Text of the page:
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Great snakes!

By Raymond Zhou | China Daily | Updated: 2013-02-04 19:22

All right: Nuwa, the Chinese goddess who mended the broken sky, has a human head and a snake body. And in Journey to the West, a.k.a. The Monkey King, there is a nine-headed snake, which surely gave the CGI artists a field day.

While overwhelmingly repulsed by the snake, Chinese sentiments for the 2013 zodiac animal can be more complex, varying with time and locality. In Fujian province, the snake is held in a god-like position. It is not to be killed if found in a home, but removed gently into the wild. It is definitely not to be eaten as food. Some say they love the tickling of a python slithering around their body. At a mid-year festival, a parade is organised in which every participant holds a snake, which is supposed to bring them peace and harmony.

A branch of ethnic Li in Hainan province regards the snake as their ancestor. There are several folk tales of humans and snakes marrying each other. If a snake is found near a tomb, it is considered the apparition of the dead person. In Guizhou province, the Dong ethnic costume features myriad snake motifs, and they even motion like a snake during a prayer ritual.

These are a few examples of pagan worship for the snake that remain after thousands of years of demonising it with a glossy veneer of civilisation. In many cases, the snake either morphed into the more auspicious dragon or simply became an embodiment of malice and immorality.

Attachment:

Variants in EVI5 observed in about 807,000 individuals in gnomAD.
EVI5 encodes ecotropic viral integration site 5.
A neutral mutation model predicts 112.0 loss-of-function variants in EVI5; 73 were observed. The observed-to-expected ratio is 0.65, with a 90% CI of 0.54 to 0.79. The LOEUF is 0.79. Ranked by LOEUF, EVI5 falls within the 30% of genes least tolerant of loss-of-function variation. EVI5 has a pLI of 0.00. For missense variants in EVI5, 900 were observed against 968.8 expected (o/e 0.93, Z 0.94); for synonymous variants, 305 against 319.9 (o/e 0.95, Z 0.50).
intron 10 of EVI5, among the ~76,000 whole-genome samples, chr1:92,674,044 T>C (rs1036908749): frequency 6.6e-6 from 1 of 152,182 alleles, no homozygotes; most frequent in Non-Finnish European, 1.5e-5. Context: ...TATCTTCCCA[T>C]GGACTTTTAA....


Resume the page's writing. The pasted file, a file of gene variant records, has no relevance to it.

One ambiguous similarity remains between East and West, though. The snake is a symbol of sexual passion in some cultures. In China, snake wine, made by infusing whole snakes in grain alcohol, is believed to have rejuvenating or even aphrodisiac power. It could be that the sinuous movements of the cold-blooded vertebrate conjure up the act of sex, which is handy in a nation of florid metaphors.

Great snakes!

Standing debate 

As a gourmet dish, the snake is much valued in the Middle Kingdom, especially in southern China. For those who believe in traditional Chinese medicine, each part of the snake is a “treasure”, so to speak. Snake bile is said to be a remedy for many ailments, including rheumatism. Its venom is made into drugs for pain, poison and blood clots.

But Cantonese people eat snakes mostly for their taste. There is a famous dish called “Dragon and Tiger in Battle”. It’s actually a snake and a cat cooked but preserved as they were in life. I’ve heard stories that it was served to distinguished guests from Western countries, who, upon taking one look at it, promptly fainted.

A decade ago, there was a theme park in a suburb of Guangzhou that was devoted to snakes. It was a zoo full of all kinds of snake species. As a publicity stunt, the owner put his daughter, probably a snake charmer, into a cage with hundreds of snakes, where she stayed for so long it broke the Guinness Record — or so it was claimed.

Afterwards, a group of local celebrities were invited to a banquet, where a dozen courses were served, each one a dish of snakes but cooked in different ways.

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